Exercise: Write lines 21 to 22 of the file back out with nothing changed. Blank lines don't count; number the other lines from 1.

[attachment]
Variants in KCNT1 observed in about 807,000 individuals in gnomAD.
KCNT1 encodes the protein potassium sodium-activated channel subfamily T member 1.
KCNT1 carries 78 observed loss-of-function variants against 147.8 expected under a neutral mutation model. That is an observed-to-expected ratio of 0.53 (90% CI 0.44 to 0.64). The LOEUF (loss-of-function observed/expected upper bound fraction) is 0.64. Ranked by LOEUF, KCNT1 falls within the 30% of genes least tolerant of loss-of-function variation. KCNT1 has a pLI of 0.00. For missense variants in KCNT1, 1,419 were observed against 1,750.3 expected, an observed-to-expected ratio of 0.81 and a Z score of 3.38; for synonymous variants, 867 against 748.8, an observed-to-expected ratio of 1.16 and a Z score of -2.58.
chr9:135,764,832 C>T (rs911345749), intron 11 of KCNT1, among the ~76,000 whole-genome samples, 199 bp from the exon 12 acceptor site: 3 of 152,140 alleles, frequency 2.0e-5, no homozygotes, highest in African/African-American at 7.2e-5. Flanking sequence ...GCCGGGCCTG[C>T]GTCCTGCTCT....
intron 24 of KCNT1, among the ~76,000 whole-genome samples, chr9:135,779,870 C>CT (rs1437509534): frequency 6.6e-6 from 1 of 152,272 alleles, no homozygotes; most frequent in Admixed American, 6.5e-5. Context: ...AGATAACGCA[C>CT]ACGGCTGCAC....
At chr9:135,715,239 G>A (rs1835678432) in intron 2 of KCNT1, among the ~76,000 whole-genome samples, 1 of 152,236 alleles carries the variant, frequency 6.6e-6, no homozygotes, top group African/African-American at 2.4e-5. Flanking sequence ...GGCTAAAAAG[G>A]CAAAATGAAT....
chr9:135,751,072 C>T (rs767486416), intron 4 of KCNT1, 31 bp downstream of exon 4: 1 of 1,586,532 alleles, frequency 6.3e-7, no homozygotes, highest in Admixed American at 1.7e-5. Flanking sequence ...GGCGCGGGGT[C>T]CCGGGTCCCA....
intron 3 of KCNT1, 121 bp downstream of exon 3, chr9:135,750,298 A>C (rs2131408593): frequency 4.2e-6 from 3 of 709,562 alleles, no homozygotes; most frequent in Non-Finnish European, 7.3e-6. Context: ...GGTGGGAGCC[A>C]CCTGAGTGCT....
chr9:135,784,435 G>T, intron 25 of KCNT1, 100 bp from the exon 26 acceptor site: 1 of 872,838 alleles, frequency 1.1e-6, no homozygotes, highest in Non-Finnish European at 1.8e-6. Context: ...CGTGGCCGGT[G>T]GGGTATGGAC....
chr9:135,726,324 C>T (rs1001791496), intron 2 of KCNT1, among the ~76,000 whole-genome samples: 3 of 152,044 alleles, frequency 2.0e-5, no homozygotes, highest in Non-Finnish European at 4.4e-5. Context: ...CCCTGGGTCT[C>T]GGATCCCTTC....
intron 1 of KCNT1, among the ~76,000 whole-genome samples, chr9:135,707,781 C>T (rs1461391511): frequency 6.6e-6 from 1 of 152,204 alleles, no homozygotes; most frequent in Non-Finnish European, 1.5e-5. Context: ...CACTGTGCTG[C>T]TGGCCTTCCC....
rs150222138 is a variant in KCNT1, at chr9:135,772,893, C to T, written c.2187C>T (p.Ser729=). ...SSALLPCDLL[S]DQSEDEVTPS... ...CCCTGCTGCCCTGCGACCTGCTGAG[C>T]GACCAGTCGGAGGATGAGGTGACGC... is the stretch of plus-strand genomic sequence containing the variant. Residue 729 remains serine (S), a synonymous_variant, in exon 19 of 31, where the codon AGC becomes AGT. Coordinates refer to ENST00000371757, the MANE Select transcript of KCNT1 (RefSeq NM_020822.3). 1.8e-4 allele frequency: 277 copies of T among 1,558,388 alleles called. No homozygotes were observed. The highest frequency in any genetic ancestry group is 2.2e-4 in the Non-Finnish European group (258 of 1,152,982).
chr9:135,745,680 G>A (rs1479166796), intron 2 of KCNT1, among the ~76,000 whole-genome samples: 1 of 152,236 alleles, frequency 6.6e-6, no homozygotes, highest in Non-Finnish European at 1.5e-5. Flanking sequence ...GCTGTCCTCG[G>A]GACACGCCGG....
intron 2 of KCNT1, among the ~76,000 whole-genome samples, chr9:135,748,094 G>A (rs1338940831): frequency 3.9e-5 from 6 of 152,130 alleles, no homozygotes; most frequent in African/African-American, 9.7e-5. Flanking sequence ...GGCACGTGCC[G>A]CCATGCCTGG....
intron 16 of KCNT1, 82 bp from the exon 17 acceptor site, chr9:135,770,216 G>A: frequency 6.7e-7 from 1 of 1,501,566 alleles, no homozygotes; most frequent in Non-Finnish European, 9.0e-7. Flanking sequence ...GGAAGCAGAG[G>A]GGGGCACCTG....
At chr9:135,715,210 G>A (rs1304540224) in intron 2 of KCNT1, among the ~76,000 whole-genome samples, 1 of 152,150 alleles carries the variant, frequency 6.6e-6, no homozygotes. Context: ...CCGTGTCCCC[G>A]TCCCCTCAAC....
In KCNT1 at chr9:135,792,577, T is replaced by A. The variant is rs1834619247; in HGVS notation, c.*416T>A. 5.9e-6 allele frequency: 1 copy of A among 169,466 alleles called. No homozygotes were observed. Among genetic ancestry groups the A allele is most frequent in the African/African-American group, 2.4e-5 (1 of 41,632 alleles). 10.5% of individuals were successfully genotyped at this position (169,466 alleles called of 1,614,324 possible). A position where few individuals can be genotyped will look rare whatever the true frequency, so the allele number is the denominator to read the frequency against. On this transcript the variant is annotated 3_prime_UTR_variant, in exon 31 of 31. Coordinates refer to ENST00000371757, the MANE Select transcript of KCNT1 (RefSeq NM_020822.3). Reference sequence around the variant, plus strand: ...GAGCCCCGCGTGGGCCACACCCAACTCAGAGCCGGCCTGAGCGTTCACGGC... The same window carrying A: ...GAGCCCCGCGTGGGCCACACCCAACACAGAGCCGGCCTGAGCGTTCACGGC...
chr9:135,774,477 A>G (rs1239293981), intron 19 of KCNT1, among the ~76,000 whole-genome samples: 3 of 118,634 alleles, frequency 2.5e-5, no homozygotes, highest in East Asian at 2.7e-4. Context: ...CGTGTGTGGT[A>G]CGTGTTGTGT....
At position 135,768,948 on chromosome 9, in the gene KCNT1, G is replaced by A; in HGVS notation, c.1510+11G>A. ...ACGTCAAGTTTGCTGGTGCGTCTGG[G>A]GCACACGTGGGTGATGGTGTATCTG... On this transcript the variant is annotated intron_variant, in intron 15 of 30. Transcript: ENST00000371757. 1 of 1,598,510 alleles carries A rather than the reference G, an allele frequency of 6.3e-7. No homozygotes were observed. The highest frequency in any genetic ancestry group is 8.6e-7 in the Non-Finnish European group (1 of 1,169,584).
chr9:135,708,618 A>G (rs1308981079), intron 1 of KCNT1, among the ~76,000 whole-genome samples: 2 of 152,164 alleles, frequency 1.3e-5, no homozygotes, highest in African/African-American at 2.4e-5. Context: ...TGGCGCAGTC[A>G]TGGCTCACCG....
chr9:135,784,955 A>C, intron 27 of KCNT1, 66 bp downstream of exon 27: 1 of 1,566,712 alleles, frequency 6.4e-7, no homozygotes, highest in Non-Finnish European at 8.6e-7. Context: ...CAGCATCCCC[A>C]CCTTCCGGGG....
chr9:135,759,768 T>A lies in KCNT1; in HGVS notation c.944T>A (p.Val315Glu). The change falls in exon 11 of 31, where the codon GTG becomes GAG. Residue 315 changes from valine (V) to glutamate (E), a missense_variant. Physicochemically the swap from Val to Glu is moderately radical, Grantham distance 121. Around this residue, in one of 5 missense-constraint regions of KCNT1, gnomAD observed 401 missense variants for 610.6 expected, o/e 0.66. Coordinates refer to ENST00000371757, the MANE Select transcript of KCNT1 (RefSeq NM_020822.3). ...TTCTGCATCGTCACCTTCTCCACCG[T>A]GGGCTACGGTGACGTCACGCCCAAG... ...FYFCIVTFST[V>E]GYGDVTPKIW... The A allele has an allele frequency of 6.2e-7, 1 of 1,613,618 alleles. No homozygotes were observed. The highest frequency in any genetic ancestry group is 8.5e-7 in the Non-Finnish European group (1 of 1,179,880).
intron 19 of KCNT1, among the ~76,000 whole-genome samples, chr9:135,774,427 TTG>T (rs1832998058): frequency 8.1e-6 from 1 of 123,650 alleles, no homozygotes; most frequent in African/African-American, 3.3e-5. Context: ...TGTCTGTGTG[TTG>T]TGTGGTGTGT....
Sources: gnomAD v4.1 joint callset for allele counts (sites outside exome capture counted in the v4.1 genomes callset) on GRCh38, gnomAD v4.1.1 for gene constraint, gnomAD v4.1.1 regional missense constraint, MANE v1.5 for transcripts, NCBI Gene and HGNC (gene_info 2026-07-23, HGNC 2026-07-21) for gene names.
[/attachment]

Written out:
chr9:135,784,955 A>C, intron 27 of KCNT1, 66 bp downstream of exon 27: 1 of 1,566,712 alleles, frequency 6.4e-7, no homozygotes, highest in Non-Finnish European at 8.6e-7. Context: ...CAGCATCCCC[A>C]CCTTCCGGGG....
chr9:135,759,768 T>A lies in KCNT1; in HGVS notation c.944T>A (p.Val315Glu). The change falls in exon 11 of 31, where the codon GTG becomes GAG. Residue 315 changes from valine (V) to glutamate (E), a missense_variant. Physicochemically the swap from Val to Glu is moderately radical, Grantham distance 121. Around this residue, in one of 5 missense-constraint regions of KCNT1, gnomAD observed 401 missense variants for 610.6 expected, o/e 0.66. Coordinates refer to ENST00000371757, the MANE Select transcript of KCNT1 (RefSeq NM_020822.3). ...TTCTGCATCGTCACCTTCTCCACCG[T>A]GGGCTACGGTGACGTCACGCCCAAG... ...FYFCIVTFST[V>E]GYGDVTPKIW... The A allele has an allele frequency of 6.2e-7, 1 of 1,613,618 alleles. No homozygotes were observed. The highest frequency in any genetic ancestry group is 8.5e-7 in the Non-Finnish European group (1 of 1,179,880).